Dory the Israelite Explorer
Rock Pile Remembering
The bible has some weird stuff in it. (Man puts all animals except dinosaurs and unicorns on a large wooden boat, woman eating an apple = bad, etc…)
But one of the stories I love in the Good Book is the Israelites making rock altars to signify time and time again how God provided for them (something they routinely forgot and constantly whined about) on their trek through the desert.
(I mean can you blame them, really? A 40-year desert vacay is not my idea of a good time.)
Heres’s how it went: God would say “I’ll take care of you, my children, here’s some bread. But don’t hoard it or it will mold. I’ll give you more bread tomorrow.”
Then the Israelites would be like “Hallelujah, we love bread!” And they’d build an altar of stone as a little reminder dotting the dessert, basically saying “Here was where God provided.”
But then, after a while, the descendants of Abraham would be like “Soooooooo, about that whole ‘don’t hoard the bread’ thing…..Can’t I save just a liiiiiiiiitle bread for tomorrow, Abba? Moldy bread is better than nooooo bread, Abba! What happens if you forget about the whole bread thing? I mean I trust you but I reaaaaaaaallllly like bread…” —all said while surreptitiously hiding stale manna in the folds of their robes or whatever.
Then the bread would mold, they’d wail and riot in equal parts about their own folly and God’s rigid sovereignty, and bitch about how carbs are so basic anyway and what they REALLY want is the meat they ate when they were slaves in Egypt and God would go “Ugh, fine, I’ll rain down bird flesh-food from the sky, but don’t horde it,” and then the whole cycle would start again.
Trust. Receive. Doubt. Repent. Rejoice. Remember. Trust. Receive. Rinse and Repeat.
The truth is, I identify with the short memory of Moses’ people. I see myself in a solid mistrust of an outside, invisible authority or an outcome that I can’t control.
But I also understand the scrambling, optimistic attempts to believe in good coming out of the unpredictable. I am a Dory the Explorer Israelite—she of the mingled mistrust and 60-second memory and willful wanting to happily move on, circumstances be damned.
Anyway, I said a couple of weeks ago I wanted to share some of my lazy mental health tips, and this is one of them.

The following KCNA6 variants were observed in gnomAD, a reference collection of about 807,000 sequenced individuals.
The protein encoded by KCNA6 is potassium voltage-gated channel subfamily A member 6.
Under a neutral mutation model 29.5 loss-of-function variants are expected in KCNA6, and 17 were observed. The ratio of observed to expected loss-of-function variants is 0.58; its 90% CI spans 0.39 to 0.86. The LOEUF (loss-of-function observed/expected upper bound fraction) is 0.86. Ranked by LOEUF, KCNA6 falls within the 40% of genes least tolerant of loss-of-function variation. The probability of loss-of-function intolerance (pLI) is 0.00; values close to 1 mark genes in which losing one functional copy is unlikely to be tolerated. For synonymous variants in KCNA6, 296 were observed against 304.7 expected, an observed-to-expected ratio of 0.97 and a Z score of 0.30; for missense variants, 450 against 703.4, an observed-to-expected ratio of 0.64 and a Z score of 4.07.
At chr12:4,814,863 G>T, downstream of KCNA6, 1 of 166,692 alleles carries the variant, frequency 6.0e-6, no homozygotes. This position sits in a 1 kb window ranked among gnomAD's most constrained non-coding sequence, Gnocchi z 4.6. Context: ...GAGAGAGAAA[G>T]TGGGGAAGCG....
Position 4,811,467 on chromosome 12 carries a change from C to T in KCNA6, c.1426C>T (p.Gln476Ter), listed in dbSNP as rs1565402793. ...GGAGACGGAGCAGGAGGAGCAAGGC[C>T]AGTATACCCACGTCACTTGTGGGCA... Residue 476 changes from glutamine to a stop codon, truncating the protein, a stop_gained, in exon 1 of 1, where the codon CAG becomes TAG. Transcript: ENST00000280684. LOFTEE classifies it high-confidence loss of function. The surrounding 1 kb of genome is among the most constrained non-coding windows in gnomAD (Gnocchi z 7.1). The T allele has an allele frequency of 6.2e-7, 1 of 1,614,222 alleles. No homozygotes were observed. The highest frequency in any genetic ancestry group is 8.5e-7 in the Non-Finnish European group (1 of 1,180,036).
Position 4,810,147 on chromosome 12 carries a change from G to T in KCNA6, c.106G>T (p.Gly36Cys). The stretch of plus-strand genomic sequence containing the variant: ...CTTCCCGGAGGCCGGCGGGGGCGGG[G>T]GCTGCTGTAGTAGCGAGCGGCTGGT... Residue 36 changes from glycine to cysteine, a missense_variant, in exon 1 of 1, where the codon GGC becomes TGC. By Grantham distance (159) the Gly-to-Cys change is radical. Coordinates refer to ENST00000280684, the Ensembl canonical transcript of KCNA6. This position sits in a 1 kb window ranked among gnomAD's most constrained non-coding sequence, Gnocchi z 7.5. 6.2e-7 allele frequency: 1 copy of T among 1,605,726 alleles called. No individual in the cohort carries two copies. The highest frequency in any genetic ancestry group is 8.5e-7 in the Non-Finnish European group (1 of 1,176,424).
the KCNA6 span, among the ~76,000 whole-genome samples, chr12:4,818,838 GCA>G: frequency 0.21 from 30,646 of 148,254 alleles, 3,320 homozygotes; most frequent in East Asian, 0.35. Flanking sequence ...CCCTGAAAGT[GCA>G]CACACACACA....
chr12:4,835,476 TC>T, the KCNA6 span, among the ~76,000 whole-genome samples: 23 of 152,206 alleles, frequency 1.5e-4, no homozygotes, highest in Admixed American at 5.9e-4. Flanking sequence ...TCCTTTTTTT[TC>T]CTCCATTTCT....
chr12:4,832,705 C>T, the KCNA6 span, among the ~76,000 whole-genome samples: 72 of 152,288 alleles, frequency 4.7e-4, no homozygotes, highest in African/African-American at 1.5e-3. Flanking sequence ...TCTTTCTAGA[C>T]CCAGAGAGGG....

When I’m feeling anxious, or scared, or feel myself on the edge of a vulnerability vortex, I build some rock altars in my mind of the times that things worked out.
I think about how I couldn’t find a place to live in Portland for MONTHS when I moved here in 2006, and how much I cried about it, and how much I stressed, and how much I was like WTF GOD OMYOU and how I eventually settled in the sweetest spot that was—and continues to be—a countless blessing to me in memories and friendships and goodtimes galore.
I think about my struggle to release music in the early days, only to have a relative stranger-turned-my-life-long friend Dallas Kruse offer to record me for free, and my college friend Dan Baker donate to make the CD duplication happen.
And, um, here is that album and you can still buy it to support Les Arts, if ya want.
I think about that job that I got that I wanted, or how I got to open for Jewel, or a gift that turned my life around, or how a parking spot opened up right when I was on the verge of meltdown, or the time I got a kind word from a friend in the mail just when I needed it most.
Even painful circumstances can be rock altars if you’ve come through them.
2020 was a bitch, and I still feel the rippling echoes of hurts from things that happened and the trauma of going through the lowest lows that I ever low-ed. But I’m standing here on the other side. That’s surely worth a rock altar of remembering.
When my anxiety-brain is screaming “DANGER! MAYBE NOTHING WILL WORK AND YOU WILL DIE ALONE IN A GUTTER!” it doesn’t just work to reply “No, everything will work.” I have to recall specific examples of things working out. Something about re-living those moments re-balances the equilibrium in my brain, and provides an answering perspective of peace and possibility to the despairing dread.
What are YOUR go-to rock altars of remembering that give you perspective? I’d love to hear them.
THREE GOOD THINGS
Trader Joe’s fall goodies are upon us. Go forth to eat, drink, and smell all the pumpkin things. (And tell me your faves, porfa.)
The Great British Baking Show is back! If you haven’t seen any of the numerous seasons, whatcha been doing every year? It’s like a hot tea and biscuit for your soul, warms ya right up. (Fingers crossed they don’t try to make brownies this year, though…)
Need some uplifting content to consume as you wash those dishes or do that garden task you’ve been putting off? Tiny Victories is a bite-size podcast that celebrates the small wins in other people’s lives, so you can do the same thing with the ones in yours.
Want to do a neat thing and support THE ANNIEGRAM?